Mid-Fifties: DS decides college is not for him; he'd rather pursue a job that doesn't require a degree. With sad hearts, we support his efforts to move in that direction. Fortunately, with his good work ethic, people skills (plus a solid K-12 education, much of it in private schools), AND his optician wife (with an excellent head on her shoulders, plus a business degree), DS seems to be progressing just fine.

So, the good news for me was that, while teaching another 4 years (and waiting for him to change his mind and return to college), he insisted it would not happen. So the college $ went straight to our retirement funds.

DH's health continued to decline. So he went on SSD at 62 and I retired at 59 (3 yrs. earlier than expected).

Have never regretted it.

(Plus, DS revels in his earnings at a local Buick dealership where he is a service writer. He enjoys my reminders that -- at 26-- he is earning more per year than I ever did as an English teacher.) And, fortunately, he listens to his wife. They are funding 401K's/Roths in their twenties.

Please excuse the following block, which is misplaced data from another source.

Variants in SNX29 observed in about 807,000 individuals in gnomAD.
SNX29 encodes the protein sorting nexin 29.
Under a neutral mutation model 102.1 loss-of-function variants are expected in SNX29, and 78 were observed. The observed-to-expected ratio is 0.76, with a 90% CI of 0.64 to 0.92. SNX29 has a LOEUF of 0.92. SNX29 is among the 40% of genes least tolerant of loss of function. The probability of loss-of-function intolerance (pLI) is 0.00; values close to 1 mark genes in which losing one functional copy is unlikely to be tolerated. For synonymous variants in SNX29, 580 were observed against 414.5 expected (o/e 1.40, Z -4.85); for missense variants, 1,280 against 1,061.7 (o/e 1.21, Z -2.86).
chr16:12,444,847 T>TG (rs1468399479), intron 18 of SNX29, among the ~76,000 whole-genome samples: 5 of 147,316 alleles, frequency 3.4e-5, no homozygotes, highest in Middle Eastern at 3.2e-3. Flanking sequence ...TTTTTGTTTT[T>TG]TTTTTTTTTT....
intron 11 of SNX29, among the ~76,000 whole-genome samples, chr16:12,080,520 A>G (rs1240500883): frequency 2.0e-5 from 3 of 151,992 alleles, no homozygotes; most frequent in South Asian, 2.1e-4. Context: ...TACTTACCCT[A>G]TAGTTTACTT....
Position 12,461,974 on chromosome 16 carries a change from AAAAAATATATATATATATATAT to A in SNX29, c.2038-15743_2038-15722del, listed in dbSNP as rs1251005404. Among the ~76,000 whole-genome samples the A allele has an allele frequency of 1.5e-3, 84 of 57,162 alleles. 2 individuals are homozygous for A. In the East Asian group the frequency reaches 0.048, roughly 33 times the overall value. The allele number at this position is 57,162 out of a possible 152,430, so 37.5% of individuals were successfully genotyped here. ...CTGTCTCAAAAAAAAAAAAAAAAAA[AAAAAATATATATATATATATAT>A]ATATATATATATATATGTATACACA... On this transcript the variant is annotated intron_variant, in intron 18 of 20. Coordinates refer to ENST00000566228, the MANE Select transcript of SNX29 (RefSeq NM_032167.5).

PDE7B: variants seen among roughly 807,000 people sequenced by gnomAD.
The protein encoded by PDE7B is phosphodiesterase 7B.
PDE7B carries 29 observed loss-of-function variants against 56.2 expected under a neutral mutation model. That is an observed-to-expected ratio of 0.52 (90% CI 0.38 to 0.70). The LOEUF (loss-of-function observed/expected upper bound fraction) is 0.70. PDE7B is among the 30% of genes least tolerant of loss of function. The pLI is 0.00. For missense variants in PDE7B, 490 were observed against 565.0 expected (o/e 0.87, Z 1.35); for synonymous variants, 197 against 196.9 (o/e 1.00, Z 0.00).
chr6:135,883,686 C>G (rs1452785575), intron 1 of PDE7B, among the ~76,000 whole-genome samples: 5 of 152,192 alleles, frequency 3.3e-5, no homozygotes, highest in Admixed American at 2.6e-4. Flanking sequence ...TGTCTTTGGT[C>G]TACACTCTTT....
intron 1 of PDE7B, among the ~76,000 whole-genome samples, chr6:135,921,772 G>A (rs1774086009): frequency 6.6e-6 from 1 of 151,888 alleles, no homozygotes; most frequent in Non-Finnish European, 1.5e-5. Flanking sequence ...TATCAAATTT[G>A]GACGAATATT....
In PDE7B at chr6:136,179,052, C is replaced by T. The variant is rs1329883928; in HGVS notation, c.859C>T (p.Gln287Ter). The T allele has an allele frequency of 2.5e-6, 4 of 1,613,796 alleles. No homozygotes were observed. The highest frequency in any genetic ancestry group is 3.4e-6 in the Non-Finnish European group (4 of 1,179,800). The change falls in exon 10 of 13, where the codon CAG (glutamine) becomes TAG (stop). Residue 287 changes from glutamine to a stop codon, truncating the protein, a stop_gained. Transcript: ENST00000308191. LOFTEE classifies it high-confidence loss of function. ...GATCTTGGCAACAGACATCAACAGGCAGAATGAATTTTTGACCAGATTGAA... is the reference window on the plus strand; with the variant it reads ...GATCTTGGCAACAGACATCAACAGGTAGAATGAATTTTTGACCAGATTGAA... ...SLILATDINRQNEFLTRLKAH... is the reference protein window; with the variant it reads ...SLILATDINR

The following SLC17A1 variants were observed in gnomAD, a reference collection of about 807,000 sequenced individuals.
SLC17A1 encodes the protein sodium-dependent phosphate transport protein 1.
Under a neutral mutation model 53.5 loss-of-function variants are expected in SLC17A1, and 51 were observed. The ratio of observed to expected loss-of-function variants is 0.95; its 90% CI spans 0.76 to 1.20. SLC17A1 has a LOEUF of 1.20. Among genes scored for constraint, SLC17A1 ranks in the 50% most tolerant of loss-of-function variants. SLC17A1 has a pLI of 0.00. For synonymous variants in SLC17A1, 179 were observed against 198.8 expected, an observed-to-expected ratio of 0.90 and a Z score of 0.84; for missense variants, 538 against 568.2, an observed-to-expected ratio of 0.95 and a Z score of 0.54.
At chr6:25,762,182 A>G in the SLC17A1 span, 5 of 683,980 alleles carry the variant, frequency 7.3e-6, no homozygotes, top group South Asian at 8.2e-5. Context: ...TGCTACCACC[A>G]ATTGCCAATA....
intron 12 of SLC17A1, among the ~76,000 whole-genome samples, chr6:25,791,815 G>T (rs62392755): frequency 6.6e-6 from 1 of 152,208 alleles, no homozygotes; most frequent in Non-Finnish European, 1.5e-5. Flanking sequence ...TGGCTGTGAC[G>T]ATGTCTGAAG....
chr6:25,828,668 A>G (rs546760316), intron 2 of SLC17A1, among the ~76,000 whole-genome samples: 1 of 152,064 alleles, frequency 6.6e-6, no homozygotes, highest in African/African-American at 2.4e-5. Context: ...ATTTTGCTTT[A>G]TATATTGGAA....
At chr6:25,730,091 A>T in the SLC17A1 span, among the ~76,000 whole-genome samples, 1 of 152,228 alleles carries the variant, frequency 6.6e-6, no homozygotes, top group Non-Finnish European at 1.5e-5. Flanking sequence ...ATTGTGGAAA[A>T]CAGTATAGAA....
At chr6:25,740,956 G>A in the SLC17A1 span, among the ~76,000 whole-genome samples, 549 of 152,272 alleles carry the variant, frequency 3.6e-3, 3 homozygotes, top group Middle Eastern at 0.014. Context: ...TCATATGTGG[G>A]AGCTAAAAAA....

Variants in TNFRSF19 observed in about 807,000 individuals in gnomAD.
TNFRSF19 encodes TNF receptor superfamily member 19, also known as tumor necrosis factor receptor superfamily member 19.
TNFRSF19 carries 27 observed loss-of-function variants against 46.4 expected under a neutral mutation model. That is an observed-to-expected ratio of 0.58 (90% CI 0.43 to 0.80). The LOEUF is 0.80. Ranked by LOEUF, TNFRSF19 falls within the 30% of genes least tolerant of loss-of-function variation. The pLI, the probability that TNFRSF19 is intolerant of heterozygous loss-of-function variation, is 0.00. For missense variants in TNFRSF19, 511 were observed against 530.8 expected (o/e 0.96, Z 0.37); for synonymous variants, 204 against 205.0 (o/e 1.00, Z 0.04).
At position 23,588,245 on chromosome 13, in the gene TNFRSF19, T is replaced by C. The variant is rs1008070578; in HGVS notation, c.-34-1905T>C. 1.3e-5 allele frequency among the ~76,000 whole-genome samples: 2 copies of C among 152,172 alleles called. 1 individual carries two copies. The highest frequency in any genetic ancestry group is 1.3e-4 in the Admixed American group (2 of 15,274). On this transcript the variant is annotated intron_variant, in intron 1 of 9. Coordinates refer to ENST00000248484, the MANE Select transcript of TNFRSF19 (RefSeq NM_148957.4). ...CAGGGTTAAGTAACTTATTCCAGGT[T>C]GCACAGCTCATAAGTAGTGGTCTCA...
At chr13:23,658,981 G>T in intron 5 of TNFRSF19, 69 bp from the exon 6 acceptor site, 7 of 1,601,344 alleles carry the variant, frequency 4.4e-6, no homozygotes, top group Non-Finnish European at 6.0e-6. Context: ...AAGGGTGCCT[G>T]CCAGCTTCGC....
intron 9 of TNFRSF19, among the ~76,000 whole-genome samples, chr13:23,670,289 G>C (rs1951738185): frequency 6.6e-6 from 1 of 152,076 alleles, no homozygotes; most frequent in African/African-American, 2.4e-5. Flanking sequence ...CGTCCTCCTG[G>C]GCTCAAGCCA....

Now, if he would just curb his trips to casinos......but that's for another thread.
"Everything becomes more itself." --C.S. Lewis
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Old 12-30-2014, 12:52 AM   #73
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I guess I have always thought about FI, but only recently thought about ER.

At age 42, in 1999, I thought FI could happen within ten years. The market correction of 2000 changed those calculations.

At age 50, in 2007, I started my FI worksheet and thought FI was within five years. Well, the stock market of 2008 changed those calculations.

Now at age 57, in 2014, after five years of market gains and ten years of extreme saving, FI is within sight and ER planned for June. The next market correction will not change the plan.
ER'd 6/5/2015 at age 58. DW retired 6/18/2021 with small pension and SS. Planned WR before my SS (2022-2026) is 4-5%, then we will start my SS and a lower WR at age 70 (2027)